The target identification of ADC drugs plays a decisive role in the drugability of ADCs. Qualified ADC targets should have:
(1) Tissue specificity: In order to reduce off-target toxicity, the selected target should be specifically highly expressed on target tissue cells, but not expressed or lowly expressed on normal tissues.
(2) The target antigen is not easy to fall off from the target tissue: the antigen is not easy to fall off from the target tissue and enter the circulatory system, so as to prevent the antigen from binding to the ADC drug in the circulatory system in the body, thereby reducing the amount of aggregation to the target site and affecting the efficacy and safety of the drug sex.
(3) The target antigen can be effectively internalized after binding to the ADC: the target antigen can be efficiently internalized through the receptor-mediated internalization pathway, and the configuration should not change during the internalization process; The expression level will not decrease.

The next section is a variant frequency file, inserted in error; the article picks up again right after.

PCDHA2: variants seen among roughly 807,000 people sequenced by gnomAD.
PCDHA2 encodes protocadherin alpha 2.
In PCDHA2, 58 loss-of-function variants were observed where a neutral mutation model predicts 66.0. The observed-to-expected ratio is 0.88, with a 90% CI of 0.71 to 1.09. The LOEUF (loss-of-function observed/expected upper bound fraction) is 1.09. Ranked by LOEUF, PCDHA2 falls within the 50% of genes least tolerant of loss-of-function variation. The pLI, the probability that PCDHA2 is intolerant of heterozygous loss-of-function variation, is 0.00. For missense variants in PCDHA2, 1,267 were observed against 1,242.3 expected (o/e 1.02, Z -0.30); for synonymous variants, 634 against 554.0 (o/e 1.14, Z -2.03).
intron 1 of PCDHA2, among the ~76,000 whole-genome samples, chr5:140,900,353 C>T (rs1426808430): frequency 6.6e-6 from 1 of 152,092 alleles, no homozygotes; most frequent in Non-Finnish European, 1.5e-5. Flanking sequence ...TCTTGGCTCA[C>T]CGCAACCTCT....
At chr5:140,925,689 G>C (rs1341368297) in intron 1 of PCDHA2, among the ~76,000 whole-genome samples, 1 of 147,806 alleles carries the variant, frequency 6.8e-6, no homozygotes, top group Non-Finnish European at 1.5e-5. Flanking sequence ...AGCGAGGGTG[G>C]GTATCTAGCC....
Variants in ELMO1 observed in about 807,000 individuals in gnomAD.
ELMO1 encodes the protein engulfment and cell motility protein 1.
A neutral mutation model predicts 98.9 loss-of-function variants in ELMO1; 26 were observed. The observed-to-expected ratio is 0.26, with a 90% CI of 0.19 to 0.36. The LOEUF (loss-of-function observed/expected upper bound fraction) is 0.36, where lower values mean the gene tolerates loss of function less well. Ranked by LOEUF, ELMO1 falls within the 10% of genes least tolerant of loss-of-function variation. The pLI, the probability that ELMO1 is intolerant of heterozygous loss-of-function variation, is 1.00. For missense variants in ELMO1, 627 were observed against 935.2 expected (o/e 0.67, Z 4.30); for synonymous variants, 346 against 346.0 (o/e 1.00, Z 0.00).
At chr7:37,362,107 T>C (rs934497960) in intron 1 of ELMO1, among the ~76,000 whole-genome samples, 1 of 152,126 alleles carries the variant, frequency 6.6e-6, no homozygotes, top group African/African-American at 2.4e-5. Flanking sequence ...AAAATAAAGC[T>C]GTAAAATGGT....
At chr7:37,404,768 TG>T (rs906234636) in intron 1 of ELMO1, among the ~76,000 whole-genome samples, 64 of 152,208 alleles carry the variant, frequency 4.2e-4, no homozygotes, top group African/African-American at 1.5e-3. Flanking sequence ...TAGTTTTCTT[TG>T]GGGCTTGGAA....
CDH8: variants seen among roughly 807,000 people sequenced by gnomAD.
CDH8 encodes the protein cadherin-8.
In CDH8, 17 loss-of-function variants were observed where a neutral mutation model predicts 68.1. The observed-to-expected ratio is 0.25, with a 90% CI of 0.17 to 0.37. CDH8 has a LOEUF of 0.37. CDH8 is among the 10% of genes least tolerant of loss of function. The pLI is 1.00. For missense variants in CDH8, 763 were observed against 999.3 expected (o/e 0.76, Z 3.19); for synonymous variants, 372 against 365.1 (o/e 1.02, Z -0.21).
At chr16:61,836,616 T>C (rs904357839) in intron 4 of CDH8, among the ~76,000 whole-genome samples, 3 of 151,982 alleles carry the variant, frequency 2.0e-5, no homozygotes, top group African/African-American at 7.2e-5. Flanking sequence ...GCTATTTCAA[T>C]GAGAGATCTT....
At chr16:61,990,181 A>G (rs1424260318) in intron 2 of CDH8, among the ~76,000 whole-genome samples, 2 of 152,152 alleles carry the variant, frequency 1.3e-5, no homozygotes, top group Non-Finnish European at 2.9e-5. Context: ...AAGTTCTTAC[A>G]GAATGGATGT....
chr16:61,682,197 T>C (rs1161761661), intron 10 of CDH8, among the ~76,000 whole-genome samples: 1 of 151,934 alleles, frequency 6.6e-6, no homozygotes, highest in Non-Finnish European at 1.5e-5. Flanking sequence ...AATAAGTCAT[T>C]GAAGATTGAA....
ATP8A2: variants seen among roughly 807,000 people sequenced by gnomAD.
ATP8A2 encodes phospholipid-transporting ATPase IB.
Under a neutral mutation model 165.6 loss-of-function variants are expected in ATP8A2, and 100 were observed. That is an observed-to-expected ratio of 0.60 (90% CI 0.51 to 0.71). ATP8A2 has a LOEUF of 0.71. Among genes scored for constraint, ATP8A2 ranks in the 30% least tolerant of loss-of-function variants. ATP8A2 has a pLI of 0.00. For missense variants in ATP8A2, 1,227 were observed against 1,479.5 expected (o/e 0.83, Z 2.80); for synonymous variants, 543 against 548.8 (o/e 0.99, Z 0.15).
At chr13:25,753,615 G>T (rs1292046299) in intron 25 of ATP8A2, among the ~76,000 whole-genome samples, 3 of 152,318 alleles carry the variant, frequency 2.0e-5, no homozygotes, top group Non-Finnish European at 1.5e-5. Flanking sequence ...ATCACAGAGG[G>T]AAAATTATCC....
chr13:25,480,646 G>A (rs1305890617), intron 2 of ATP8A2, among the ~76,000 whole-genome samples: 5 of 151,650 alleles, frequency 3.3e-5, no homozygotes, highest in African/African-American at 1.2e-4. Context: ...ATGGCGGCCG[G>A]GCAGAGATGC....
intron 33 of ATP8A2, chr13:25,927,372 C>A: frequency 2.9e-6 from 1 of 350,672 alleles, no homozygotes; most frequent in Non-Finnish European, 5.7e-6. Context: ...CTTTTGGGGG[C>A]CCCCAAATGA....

Traditional ADC targets mainly select cancer cell surface antigens. Such antigen defects include: high stromal tumor pressure, down-regulation of antigen expression, and physical and kinetic barriers that impair the absorption of cytotoxins.
A new generation of ADC target antigens targets tumor stromal antigens, tumor vasculature antigens, and driver oncogene proteins. This class of novel antigens profoundly affects tumor growth, metastasis and recurrence and is considered to have the potential to achieve effective disease control.
ADC antibodies undertake the functions of targeting and toxin delivery, and need to have the characteristics of high target specificity, high affinity, low immunogenicity, high endocytosis, and long half-life. Human IgG is the primary antibody backbone used by ADCs and comprises four subclasses: IgG1, IgG2, IgG3, and IgG4, which differ in their constant domain and hinge region structures.
In addition to Pfizer’s two ADCs (Mylotarg, Besponsa) choosing IgG4, IgG1 has become the mainstream antibody backbone choice for marketed ADCs. Compared to IgG1, IgG4 molecules undergo dynamic Fab arm exchange, resulting in undesirable off-target effects that reduce their in vivo efficacy. IgG1 antibodies have longer blood half-life, higher FcγR binding efficiency, stronger activation of antibody-dependent cell-mediated toxicity (ADCC) and complement-dependent cytotoxicity (CDC) effects, and are not easy to form multimers, so Become the mainstream choice of ADC at present.